A controversial Dutch politician with anti-Islamic views will be allowed to speak at Temple University this evening despite calls by Muslims that he be prevented from giving an address on campus.
Geert Wilders, a member of the Dutch parliament, has called for a halt to the immigration of Muslims to the Netherlands and a ban on the Quran.
On Friday, he was allowed to visit Britain after a court ruled that a government prohibition against his presence was unjust. He called the court ruling "a victory for the freedom of speech."
During his British visit, according to multiple news accounts, Islamists protested outside where Wilders spoke, holding placards that read: "Islam Will Dominate the World" and "Sharia for the Netherlands." They also chanted, "Free speech go to hell."
Wilders is scheduled to speak at 7 p.m. in Anderson Hall on Temple's campus. He will also speak at Columbia University tomorrow.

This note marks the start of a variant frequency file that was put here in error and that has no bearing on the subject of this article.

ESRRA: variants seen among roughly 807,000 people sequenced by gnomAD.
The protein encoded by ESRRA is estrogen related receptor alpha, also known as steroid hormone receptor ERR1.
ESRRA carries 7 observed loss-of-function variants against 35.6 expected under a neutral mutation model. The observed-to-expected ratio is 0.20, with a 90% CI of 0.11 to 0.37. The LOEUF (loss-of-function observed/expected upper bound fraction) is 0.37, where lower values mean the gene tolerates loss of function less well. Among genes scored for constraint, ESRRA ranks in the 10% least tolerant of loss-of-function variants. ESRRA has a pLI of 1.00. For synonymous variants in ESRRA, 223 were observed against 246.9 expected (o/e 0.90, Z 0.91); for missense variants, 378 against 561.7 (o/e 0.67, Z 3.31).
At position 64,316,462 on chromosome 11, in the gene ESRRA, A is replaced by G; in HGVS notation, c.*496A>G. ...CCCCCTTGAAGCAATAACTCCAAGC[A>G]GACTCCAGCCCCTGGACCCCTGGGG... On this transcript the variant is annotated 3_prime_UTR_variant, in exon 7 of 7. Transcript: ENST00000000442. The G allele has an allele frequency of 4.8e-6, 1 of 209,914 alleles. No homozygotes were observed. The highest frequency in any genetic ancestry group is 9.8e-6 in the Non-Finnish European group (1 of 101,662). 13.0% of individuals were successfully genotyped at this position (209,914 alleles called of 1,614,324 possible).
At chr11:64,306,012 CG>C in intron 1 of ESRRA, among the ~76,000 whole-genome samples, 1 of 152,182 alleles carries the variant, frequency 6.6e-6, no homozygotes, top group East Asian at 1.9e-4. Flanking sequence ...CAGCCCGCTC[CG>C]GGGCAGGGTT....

"Temple University is a community of scholars in which freedom of inquiry and freedom of expression are valued," the university said in a statement yesterday. "We respect the right of our student organizations to invite people who express a wide variety of views and ideas."
The Muslim Students Association asked the university to reject his visit. "The Muslim population at Temple feels attacked, threatened, and ultimately unsafe that Mr. Wilders has been invited to voice his hate-driven opinions," the association said.
Wilders had been barred from entering Britain in February to show his short film, Fitna, which shows news and images of Muslim violence interspersed with texts from the Quran.